Perhaps some day iTunes will gain the ability to selectively deauthorize a specific computer remotely or that you no longer have access to, but that has yet to materialize. Instead, you must deauthorize them all, and then reauthorize selectively on the computers you do have access to.
Happy iTunes deauthorizing!
I took a deeper look at this article and thought ‘There has to be a way to deauthorize multiple mac computers at once’.
So I searched through Google and found this website. https://support.apple.com/nl-nl/HT204385
1. Open iTunes
2. Login using Apple ID
3. In Menu go to Account > Show my Account
4. Enter password en press enter/Show account
5. Below you see Computer authorizations. From there you can click the button to remove all computers.
To all the users out there. Your welcome :)
FFS people do some simple research, log into your itunes account, it’s a SIMPLE process to deauthorize any authorized computer.
I can’t believe there are so many Apple users who cannot figure out the simplest of things.
I have hit this roadblock multiple times. So annoying.
Sometimes I think nobody at apple uses their own products.
Anyone know how to deauthorize for account which has reach limit.
I got this message : “Including this one, you have authorised one computer out of your available 5. “
No apple expert, but I do believe that is as it states.
You have authorised one of your five available.
Maybe you can remember if you have connected and used itunes on others. Probably not.
I currently have an iPad at a repair shop because the battery exploded. The shop will to replace the battery but warned me that it might fail the screen will break.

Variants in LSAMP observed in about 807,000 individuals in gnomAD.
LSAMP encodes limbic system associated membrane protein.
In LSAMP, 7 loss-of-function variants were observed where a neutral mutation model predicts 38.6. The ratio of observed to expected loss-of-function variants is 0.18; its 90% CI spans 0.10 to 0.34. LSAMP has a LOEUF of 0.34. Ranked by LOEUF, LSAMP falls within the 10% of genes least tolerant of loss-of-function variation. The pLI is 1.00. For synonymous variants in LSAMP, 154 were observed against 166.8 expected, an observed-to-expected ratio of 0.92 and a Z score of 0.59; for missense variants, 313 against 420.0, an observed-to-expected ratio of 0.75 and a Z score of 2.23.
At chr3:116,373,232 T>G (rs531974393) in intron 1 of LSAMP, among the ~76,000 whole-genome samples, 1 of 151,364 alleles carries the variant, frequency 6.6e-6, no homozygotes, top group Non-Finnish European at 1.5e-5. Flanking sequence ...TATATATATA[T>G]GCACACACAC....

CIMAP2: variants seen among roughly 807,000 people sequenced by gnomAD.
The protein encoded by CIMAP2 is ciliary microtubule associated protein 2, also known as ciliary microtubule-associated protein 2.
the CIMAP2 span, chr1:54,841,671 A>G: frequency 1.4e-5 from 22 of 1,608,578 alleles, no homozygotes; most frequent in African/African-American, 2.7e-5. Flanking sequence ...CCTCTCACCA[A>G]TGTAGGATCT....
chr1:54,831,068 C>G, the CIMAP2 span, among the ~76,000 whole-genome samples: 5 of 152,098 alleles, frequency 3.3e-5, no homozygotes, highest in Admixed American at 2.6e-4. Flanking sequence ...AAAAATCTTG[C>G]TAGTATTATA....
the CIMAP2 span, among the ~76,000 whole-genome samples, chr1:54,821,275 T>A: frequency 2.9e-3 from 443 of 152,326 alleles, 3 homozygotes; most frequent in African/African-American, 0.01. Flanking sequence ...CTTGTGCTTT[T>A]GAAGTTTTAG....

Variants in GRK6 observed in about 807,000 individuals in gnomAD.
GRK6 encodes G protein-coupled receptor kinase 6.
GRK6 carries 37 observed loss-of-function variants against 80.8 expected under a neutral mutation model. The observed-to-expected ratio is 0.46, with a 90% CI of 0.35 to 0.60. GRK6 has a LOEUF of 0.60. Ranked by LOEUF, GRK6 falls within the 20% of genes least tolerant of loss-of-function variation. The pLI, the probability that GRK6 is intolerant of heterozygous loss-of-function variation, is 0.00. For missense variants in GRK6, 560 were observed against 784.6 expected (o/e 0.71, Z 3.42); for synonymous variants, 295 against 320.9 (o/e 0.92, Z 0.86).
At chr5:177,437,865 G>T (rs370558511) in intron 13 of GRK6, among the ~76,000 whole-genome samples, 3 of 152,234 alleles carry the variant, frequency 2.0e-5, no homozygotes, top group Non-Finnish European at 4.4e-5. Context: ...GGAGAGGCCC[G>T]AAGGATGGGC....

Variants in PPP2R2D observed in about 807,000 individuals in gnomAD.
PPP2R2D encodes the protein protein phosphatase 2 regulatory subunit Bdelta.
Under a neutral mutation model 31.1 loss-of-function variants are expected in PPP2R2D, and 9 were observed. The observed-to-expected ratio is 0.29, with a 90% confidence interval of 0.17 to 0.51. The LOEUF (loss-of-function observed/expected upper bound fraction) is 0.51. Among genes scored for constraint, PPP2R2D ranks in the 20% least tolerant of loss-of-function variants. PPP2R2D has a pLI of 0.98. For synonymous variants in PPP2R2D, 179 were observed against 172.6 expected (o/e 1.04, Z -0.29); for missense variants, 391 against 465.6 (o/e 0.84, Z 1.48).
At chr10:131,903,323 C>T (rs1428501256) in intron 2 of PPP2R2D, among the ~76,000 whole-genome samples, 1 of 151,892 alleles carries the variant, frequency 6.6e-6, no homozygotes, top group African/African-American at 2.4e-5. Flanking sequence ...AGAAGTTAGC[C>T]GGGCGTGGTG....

Suppose this happens, how do I deauthorize it?
I hesitate to deauthorize now in case it works.
I apologize for the double post!
Answer to my concern (de-authorizing a dead computer):
Log into your iTunes (Apple ID) and go to the “Account” menu and choose “View My Account”.
There you will see “[#] computers are authorized to play content purchased with this Apple ID.
To the right of this is a button “Deauthorize All” …
This is the only way I am aware of to deauthorize computers you do not have access to! Of course, it makes the work of re-authorizing the computers you you want to have that status, but hey, its better than nothing! :)
… “Instead you must deauthorize every computer that has been authorized, and then” …
The issue I face are computers that do not work now, that were authorized. There is no way to de-authorize that computer if it must be working for the de-authorize it!
This is a serious issue. The authorization comes through the app store so the master Apple ID that authorization is extended through should have a listing that you can deactivate authorization from … or some similar mechanism. Who knows when a machine will quit working/HD crash …
The authorization process is a mess, does nobody at Apple have more than 5 computers? Why can’t we select a computer to deauthorize it from a central location even if we no longer have it?